Over the years, young drivers are increasingly being accused of driving recklessly. In 2011, 22% of fatalities on Great Britain’s roads occurred in collisions involving a driver aged 17 to 24 years old. There is blame on technological gadgets such as mobile phones being the leading cause to these accidents, with teens texting or calling whilst driving. However with all the negative connotations associated with young, novice drivers, we tend to forget about older drivers.
A paper done by Nottingham Trent University suggests that older people have vision three times slower than younger people when required to cope with distractions. This should be taken into consideration in terms of reaction times when driving. Young drivers are often deemed to be more hazardous; with insurance companies charging younger drivers an average of £2,590 – three times more than the average cost.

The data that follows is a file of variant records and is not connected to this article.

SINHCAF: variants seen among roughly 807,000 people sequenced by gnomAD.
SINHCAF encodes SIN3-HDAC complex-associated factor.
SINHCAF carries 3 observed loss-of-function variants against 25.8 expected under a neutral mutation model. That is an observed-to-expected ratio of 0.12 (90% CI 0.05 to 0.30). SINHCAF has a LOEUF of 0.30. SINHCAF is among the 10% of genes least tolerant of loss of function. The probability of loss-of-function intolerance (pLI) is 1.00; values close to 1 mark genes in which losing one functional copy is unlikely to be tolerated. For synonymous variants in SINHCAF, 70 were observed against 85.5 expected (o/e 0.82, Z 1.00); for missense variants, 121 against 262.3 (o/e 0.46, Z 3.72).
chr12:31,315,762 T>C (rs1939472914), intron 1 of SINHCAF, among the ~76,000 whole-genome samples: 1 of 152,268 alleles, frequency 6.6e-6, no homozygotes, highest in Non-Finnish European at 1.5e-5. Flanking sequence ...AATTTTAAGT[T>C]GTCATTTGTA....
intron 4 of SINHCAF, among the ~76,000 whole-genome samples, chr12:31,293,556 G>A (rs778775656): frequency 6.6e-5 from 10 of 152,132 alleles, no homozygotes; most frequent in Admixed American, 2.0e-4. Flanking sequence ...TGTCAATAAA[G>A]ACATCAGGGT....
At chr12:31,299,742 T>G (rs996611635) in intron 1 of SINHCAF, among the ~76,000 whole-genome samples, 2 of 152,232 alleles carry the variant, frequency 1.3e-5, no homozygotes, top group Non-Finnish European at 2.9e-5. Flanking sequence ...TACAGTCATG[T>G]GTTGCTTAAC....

Dealing with elderly drivers collisions is problematic in a personal sense. Only 10% of seniors want the government to tell them when their driving days are over, leaving 90% of the elderly to decide for themselves, or have family members make the decision for them. Driving is associated with independence and freedom and to have that taken away from someone is almost a wakeup call to acknowledging their loss of capabilities, as well as a question of their human rights.
The UK government don’t ask seniors still driving for a medical test, eye test or driving test, but instead rely on the individual’s judgement of their abilities. Whilst younger drivers may get distracted by showing off behind the wheel, older people also struggle with their own distractions.
Ultimately, whoever goes behind the wheel needs to consider their ability to drive and react to distractions on the road in a safe manner; for themselves, for their passengers, and for other road users.